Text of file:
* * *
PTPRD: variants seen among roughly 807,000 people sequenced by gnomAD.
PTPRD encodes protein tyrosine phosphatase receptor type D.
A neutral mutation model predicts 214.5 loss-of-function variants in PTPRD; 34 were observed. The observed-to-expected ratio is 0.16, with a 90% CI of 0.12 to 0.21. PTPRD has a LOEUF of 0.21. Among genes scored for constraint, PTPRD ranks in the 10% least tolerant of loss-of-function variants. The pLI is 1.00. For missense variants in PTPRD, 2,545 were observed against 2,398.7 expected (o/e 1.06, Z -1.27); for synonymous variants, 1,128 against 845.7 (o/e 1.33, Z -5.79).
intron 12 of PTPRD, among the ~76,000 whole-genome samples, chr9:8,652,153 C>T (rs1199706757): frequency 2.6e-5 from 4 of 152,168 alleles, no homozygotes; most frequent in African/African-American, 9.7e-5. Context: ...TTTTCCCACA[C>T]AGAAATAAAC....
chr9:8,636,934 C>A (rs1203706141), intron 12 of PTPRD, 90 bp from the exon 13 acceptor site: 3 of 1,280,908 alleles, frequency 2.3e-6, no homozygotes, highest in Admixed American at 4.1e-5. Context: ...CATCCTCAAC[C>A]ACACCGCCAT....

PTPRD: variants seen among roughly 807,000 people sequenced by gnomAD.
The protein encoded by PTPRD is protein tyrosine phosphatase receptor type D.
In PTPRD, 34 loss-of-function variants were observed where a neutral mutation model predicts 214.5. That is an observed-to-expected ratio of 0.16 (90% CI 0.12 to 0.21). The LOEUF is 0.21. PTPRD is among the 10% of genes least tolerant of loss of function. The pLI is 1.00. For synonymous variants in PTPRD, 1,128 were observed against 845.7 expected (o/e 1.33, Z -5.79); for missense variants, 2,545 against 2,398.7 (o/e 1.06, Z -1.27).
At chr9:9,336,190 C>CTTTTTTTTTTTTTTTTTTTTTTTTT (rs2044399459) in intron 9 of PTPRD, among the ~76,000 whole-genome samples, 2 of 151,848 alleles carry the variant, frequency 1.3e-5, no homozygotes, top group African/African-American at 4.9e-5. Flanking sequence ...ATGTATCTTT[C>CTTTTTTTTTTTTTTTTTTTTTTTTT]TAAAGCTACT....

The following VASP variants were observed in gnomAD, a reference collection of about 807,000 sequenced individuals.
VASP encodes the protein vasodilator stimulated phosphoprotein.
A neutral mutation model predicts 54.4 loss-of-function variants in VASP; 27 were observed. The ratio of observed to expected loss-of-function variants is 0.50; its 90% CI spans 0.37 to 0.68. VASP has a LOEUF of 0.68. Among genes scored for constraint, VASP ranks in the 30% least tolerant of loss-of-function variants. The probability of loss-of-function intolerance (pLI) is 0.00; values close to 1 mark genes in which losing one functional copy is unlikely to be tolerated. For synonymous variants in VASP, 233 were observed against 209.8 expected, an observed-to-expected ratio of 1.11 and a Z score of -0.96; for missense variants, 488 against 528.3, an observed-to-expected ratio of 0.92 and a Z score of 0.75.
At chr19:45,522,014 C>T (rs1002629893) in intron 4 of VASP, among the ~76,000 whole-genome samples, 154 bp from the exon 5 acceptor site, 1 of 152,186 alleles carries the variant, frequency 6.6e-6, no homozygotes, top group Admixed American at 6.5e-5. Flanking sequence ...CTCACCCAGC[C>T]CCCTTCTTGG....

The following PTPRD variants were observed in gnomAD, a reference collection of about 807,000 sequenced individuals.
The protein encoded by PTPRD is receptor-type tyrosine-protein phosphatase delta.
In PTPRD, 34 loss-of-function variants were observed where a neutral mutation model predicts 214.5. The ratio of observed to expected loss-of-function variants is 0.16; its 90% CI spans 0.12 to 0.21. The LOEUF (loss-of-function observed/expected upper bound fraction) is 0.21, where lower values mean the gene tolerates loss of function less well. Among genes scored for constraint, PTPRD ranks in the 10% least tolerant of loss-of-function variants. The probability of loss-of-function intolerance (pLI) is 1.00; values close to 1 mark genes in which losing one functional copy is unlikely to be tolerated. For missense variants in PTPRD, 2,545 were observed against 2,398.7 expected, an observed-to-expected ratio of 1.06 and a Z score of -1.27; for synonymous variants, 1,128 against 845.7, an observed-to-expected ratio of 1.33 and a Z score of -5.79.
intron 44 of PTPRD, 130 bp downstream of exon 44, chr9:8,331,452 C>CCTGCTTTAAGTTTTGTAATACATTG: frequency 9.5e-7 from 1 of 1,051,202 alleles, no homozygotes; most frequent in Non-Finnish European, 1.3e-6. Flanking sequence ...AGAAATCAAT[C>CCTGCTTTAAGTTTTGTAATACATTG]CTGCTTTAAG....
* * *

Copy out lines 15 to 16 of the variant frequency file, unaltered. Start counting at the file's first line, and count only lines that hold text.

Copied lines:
The protein encoded by PTPRD is receptor-type tyrosine-protein phosphatase delta.
In PTPRD, 34 loss-of-function variants were observed where a neutral mutation model predicts 214.5. The ratio of observed to expected loss-of-function variants is 0.16; its 90% CI spans 0.12 to 0.21. The LOEUF (loss-of-function observed/expected upper bound fraction) is 0.21, where lower values mean the gene tolerates loss of function less well. Among genes scored for constraint, PTPRD ranks in the 10% least tolerant of loss-of-function variants. The probability of loss-of-function intolerance (pLI) is 1.00; values close to 1 mark genes in which losing one functional copy is unlikely to be tolerated. For missense variants in PTPRD, 2,545 were observed against 2,398.7 expected, an observed-to-expected ratio of 1.06 and a Z score of -1.27; for synonymous variants, 1,128 against 845.7, an observed-to-expected ratio of 1.33 and a Z score of -5.79.